The mission of the Georgia School Boards Association is to ensure excellence in the governance of local school systems by providing leadership, advocacy and services, and by representing the collective resolve of Georgia’s elected boards of education.


Catching Up

It’s been a while since we “talked” about what’s been happening, so it’s time to catch up!  As always, we’ll break it up by topic so if you’re not interested in something, just keep on going.

If you haven’t listened to our latest podcast, just click on the link.  We talked with Matt Jones, Chief of Staff to State Superintendent Richard Woods about the standards review process, budget cuts, and more.  For more information on the standards review process, the Department of Education has a page with the survey results, a downloadable flowchart, and more.

As educators and policymakers have discussed school safety, the need to address mental health issues always comes up.  GSBA is holding an Education Summit on Student Mental and Emotional Health on October 8th at the Cherokee County Educational Services Annex to dive into this issue. The day includes several breakout sessions, so there’s something for everybody.  It is open to all, not just school board members, so I hope many of you will join us. Just click on the link for more information. 

As state-level work has continued on this issue, Gov. Brian Kemp, Lt. Gov. Geoff Duncan, Speaker of the House David Ralston, and Georgia Supreme Court Chief Justice Harold Melton just named the Georgia Behavioral Health Reform & Innovation Commission members.

One more note on the broad subject of safety, late last week, the Trump administration released a School District Safety Guide.  


By now you all know that when the Governor issued the budget instructions for the amended FY ’20 and FY ’21 budgets, he directed the agencies to cut 4% from the amended budget and 6% from the FY ’21 budget.  By the way, FY ’21 is a 2% addition to the 4% cut in the amended budget, not 6% plus the 4%. Governor Kemp exempted QBE from these cuts. Effective yesterday, October 1st, the state will withhold 4% as it distributes funds.

Why is he doing this?  There appear to be two reasons. 

First, Governor Kemp campaigned on streamlining government services and cutting costs.  As we’ve noted before, he’s been consistent on following up on those campaign promises. It seems that his focus was on starting the streamlining process not on cutting personnel.  The problem is that the Appropriations Committees have been cutting and streamlining for several years as they and former Governor Deal worked our way through the Great Recession and aftermath. So finding $200 million to cut from the budget just passed without cutting jobs will not be easy.  Cutting $300 million from the FY ’21 budget will be even harder.  As you are well aware, the vast majority of the budget is in personnel.Second, revenue was up and down in the latter part of FY ’19.  Just in case that was a leading indicator or warning that trouble is on the horizon, the Governor wanted to be conservative about the spending this year. As a matter of fact, the first two months of FY ’20, the revenue has been down ($97 million worth of down).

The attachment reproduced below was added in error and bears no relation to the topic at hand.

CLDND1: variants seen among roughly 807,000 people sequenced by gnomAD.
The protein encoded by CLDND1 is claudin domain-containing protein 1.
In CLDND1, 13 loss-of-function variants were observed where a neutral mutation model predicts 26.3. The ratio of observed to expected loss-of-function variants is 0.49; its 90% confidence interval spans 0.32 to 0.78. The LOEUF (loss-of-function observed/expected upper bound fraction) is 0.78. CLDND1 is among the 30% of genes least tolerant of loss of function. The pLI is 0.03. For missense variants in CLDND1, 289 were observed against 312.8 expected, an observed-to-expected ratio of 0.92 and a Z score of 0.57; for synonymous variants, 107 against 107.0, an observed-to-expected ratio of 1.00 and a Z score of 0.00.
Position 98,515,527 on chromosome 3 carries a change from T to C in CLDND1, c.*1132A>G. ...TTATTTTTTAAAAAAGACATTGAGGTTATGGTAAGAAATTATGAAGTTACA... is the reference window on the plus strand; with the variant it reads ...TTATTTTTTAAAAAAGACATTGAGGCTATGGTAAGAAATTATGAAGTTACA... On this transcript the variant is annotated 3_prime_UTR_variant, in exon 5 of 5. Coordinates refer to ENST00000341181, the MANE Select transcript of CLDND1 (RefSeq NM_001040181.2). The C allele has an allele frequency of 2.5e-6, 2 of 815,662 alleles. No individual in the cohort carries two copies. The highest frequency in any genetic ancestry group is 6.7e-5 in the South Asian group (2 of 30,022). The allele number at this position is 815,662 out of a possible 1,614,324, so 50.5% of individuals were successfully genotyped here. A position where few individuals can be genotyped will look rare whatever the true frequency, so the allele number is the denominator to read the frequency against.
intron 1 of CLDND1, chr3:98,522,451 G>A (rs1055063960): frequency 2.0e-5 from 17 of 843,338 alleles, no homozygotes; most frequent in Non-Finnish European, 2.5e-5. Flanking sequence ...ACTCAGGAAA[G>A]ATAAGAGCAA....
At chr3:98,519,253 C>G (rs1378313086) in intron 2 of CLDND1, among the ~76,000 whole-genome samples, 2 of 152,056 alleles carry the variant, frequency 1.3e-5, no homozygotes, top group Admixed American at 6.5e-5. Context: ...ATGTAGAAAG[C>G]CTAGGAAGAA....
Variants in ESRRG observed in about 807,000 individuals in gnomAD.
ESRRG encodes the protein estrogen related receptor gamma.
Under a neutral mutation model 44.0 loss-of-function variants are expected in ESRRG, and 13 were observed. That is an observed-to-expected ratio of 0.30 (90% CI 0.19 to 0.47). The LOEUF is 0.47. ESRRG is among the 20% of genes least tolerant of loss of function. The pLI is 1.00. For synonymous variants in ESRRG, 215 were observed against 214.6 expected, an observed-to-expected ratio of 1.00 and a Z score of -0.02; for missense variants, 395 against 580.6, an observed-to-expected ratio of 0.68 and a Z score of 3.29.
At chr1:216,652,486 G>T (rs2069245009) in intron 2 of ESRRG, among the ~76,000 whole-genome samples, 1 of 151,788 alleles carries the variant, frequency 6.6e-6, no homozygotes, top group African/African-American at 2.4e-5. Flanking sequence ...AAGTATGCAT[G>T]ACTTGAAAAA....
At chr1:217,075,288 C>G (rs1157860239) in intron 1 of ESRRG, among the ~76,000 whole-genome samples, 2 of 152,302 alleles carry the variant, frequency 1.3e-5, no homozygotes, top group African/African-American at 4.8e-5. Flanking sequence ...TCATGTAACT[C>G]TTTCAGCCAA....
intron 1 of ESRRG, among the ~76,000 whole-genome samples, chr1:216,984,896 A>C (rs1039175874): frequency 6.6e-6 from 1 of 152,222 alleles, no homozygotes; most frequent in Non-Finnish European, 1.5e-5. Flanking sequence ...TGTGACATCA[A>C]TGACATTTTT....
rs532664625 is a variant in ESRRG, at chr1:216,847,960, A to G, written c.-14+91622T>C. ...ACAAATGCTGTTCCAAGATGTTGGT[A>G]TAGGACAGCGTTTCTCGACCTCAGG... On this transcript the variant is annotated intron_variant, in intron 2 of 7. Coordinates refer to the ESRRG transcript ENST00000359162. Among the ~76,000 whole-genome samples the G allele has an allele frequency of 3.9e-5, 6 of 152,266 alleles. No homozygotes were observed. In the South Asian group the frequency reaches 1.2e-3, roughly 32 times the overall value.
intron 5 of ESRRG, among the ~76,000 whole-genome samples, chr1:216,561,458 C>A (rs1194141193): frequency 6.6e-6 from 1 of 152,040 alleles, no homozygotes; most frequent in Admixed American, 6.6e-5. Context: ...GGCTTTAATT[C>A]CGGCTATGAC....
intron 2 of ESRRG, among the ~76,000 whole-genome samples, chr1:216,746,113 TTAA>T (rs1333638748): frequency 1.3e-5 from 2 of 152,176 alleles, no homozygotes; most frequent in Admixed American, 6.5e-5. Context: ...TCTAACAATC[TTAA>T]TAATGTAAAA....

In response to the Governor’s instructions, the Joint Appropriations Committees held hearings last week to learn more about the issues and plans.  The state economist — among several economists — and Director of the Office of Planning and Budget (OPB) spoke, but the rest of the executive branch was silent.  OPB posted summaries of submitted plans for AFY ’20 and FY ’21. The Committees continue to seek more definitive information.  Generally, this part of the budget process is behind closed doors.  Agencies submit their proposed budgets to OPB in September, the public sees the Governor’s recommendations in the first week of the session, and the House takes it from there.

So why is revenue down?  There are several issues impacting revenue.  In 2018, the General Assembly cut the top income tax rate from 6% to 5.75% through 2025.  That doesn’t sound like much but it shifted $500 million from the state coffers to our wallets. Second, the changes to the TAVT distribution between the state and local governments have kicked in.  That’s an estimated $200 million shift from state to local overall.  Additionally, we have had several weather events, tariffs, changes in global trade, among other things.  

Gov. Kemp sets the revenue estimate, so ultimately, he will decide how much money we have to spend.  How we spend it will, sooner or later, be a joint decision of the Governor and General Assembly.

Study Committees 

There are several Study Committees going on this fall that we are following including High School Athletic Associations, Community Schools, Financial Efficiency Star Rating, Higher Education Outcomes, Educational Development of African American Children in Georgia, Heat-Related, Cardiac, and Other Sports-Related Injuries, and the ongoing work of the House Rural Developmental Council. Most have held only one meeting so far, so we won’t go into detail (you’re welcome).

In addition, House Education held an informational meeting for its members.  During the session, new members to the Committee asked for more information on the Professional Standards Commission, QBE, and other topics, so they got it. 

Workforce Development 

We talk a lot about this in the state, so here are a couple of articles from McKinsey & Company that might be helpful.  The Future of Work in America takes a look at the differences in the potential for work for different people and places across America.  Georgia’s Quick Start program is cited as one example of addressing the issue. Maps on pages 9 and 12 will give you a glimpse of the essence of the report.  

For those of you working to change things in your current workforce, Getting Personal About Change might provide some helpful information.